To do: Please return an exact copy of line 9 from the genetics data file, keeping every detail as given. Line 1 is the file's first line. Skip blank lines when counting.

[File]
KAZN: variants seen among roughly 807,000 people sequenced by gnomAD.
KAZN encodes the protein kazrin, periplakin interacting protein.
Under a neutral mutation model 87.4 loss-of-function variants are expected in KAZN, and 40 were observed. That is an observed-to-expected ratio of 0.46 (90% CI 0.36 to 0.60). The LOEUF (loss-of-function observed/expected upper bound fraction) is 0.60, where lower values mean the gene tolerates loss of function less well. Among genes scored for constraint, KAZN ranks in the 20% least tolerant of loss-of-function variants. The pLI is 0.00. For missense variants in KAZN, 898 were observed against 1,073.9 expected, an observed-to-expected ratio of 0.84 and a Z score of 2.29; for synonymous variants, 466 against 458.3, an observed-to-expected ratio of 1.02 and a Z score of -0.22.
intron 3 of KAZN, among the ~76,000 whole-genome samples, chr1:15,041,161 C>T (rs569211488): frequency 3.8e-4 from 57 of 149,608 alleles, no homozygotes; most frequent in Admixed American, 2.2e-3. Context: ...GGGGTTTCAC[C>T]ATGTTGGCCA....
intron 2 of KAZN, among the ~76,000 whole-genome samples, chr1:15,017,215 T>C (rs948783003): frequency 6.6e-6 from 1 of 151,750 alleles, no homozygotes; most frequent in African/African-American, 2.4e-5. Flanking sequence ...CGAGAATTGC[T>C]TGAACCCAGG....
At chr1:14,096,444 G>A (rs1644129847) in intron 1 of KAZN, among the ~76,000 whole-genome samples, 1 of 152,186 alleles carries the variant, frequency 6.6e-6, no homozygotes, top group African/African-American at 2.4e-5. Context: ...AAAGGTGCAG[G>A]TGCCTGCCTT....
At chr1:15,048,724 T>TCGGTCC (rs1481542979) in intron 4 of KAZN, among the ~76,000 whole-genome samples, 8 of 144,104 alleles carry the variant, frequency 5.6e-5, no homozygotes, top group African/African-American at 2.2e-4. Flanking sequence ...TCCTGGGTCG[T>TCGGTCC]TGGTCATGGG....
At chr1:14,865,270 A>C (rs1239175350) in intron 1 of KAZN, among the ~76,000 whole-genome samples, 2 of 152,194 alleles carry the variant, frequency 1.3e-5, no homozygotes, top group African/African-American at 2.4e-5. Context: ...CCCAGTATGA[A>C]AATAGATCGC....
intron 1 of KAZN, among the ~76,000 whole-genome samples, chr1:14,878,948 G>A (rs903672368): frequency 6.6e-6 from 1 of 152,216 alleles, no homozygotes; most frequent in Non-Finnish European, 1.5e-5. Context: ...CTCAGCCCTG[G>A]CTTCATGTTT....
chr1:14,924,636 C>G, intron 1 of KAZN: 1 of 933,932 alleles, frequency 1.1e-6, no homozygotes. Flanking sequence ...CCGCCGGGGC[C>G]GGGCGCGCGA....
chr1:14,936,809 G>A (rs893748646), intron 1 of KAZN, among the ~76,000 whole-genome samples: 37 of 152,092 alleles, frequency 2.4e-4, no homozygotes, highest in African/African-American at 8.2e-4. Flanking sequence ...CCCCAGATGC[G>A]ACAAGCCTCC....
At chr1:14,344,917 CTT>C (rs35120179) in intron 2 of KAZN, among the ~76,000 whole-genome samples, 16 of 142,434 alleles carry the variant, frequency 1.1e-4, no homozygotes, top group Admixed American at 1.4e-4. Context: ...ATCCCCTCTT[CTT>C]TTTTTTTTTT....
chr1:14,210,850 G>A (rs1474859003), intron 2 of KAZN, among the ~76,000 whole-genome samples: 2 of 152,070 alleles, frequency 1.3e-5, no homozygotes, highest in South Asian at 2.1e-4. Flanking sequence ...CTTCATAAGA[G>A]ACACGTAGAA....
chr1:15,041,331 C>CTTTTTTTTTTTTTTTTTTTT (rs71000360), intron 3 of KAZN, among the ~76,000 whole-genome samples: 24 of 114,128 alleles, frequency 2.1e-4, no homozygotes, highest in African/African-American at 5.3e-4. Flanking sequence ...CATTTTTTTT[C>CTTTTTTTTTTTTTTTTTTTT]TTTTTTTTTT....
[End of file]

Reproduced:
intron 1 of KAZN, among the ~76,000 whole-genome samples, chr1:14,878,948 G>A (rs903672368): frequency 6.6e-6 from 1 of 152,216 alleles, no homozygotes; most frequent in Non-Finnish European, 1.5e-5. Context: ...CTCAGCCCTG[G>A]CTTCATGTTT....